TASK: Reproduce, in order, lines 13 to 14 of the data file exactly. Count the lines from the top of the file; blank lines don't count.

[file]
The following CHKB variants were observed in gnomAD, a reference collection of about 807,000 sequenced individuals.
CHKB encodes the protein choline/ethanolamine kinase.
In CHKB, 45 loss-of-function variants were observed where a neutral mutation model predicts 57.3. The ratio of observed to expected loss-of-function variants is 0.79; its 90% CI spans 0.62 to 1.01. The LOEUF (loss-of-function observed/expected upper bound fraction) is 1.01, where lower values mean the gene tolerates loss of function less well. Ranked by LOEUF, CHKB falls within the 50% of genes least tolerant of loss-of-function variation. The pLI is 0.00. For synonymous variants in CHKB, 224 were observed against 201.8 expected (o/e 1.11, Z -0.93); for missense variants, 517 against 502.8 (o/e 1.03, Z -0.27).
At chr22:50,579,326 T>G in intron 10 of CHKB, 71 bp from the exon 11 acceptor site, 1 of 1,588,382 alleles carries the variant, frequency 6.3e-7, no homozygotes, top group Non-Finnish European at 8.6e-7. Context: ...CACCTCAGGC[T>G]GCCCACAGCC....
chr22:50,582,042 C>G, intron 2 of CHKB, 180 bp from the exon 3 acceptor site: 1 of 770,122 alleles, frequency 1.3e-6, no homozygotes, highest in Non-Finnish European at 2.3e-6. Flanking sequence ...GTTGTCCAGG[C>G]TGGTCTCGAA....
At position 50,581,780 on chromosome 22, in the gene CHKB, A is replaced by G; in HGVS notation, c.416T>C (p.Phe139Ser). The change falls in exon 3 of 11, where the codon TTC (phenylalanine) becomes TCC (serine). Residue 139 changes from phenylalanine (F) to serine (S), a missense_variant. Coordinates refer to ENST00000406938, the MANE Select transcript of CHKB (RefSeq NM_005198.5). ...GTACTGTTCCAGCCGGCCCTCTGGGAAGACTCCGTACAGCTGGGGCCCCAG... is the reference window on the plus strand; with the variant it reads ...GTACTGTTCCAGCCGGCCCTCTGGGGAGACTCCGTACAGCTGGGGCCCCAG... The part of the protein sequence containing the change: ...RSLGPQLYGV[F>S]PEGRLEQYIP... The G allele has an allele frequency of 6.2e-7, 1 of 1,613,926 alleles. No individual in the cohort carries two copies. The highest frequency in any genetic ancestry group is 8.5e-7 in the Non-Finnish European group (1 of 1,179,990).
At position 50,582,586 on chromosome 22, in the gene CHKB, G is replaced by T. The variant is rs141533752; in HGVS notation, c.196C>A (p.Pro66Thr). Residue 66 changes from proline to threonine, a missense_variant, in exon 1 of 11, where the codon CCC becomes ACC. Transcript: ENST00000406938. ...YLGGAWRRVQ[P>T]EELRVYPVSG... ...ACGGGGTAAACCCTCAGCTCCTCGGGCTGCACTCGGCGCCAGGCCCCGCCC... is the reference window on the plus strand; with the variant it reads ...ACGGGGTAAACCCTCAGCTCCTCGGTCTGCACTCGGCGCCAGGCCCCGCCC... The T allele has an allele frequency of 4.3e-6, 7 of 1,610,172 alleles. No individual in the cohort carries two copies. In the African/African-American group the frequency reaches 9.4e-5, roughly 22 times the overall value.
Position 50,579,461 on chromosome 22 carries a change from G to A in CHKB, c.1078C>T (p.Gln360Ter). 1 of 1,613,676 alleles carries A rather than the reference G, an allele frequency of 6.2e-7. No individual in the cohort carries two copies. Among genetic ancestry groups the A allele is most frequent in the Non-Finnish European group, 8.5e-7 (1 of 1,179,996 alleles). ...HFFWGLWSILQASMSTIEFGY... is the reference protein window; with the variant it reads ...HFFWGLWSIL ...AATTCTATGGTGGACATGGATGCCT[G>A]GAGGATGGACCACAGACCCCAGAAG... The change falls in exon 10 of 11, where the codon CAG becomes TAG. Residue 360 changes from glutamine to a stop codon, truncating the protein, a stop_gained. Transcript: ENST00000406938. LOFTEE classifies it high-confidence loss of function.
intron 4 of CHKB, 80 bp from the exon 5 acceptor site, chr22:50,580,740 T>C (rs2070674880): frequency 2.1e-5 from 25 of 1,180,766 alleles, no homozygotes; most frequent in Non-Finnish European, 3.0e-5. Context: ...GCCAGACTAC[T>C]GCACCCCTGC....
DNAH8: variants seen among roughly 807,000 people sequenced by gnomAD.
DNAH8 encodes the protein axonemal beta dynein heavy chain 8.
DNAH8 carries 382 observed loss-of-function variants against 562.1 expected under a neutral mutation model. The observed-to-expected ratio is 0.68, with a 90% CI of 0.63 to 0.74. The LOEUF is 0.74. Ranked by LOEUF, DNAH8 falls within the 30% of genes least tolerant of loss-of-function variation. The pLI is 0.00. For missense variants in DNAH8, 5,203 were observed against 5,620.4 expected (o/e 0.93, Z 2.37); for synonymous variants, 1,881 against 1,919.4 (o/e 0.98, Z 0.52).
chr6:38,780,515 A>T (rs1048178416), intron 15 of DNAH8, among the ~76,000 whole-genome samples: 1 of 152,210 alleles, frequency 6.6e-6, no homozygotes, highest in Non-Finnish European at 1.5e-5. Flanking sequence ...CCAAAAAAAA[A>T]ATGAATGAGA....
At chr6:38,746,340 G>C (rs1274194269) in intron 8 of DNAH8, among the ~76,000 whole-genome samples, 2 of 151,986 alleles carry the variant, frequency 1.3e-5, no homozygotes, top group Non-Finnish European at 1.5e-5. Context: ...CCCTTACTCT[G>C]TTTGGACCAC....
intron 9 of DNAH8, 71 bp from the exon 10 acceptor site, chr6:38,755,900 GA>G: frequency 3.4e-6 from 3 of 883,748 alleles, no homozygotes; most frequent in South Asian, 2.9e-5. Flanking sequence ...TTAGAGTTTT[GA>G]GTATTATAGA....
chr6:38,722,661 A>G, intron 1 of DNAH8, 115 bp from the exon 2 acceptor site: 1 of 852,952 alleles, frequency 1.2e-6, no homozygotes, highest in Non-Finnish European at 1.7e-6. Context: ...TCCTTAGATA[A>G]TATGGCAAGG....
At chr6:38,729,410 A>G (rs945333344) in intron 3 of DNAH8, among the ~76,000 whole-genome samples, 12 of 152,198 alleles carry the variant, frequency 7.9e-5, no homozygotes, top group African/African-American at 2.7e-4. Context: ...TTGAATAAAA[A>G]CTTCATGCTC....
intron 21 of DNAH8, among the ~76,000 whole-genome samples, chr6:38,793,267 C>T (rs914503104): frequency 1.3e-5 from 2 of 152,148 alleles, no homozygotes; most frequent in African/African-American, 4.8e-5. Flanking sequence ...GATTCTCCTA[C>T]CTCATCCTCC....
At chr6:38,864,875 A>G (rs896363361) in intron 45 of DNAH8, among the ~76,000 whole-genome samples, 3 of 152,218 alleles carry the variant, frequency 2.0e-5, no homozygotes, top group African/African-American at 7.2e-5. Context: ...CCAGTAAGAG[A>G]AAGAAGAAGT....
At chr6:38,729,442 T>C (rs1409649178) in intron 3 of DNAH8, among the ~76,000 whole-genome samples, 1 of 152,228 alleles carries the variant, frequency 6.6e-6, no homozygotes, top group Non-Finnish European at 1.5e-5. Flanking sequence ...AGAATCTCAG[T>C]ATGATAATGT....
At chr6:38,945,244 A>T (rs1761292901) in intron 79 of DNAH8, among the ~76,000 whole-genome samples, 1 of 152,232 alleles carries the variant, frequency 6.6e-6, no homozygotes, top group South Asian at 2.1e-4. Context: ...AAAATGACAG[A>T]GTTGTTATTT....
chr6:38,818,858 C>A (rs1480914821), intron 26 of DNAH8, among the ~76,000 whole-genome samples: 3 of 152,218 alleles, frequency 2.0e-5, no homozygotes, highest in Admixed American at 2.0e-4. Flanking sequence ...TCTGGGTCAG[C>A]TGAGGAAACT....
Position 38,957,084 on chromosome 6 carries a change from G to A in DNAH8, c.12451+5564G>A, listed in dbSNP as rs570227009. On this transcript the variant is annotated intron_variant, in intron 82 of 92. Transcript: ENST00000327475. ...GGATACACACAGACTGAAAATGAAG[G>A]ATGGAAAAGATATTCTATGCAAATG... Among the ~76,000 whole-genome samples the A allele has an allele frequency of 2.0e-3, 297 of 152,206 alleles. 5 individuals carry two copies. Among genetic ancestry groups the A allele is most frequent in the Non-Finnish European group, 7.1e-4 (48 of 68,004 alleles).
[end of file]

chr6:38,780,515 A>T (rs1048178416), intron 15 of DNAH8, among the ~76,000 whole-genome samples: 1 of 152,210 alleles, frequency 6.6e-6, no homozygotes, highest in Non-Finnish European at 1.5e-5. Flanking sequence ...CCAAAAAAAA[A>T]ATGAATGAGA....
At chr6:38,746,340 G>C (rs1274194269) in intron 8 of DNAH8, among the ~76,000 whole-genome samples, 2 of 151,986 alleles carry the variant, frequency 1.3e-5, no homozygotes, top group Non-Finnish European at 1.5e-5. Context: ...CCCTTACTCT[G>C]TTTGGACCAC....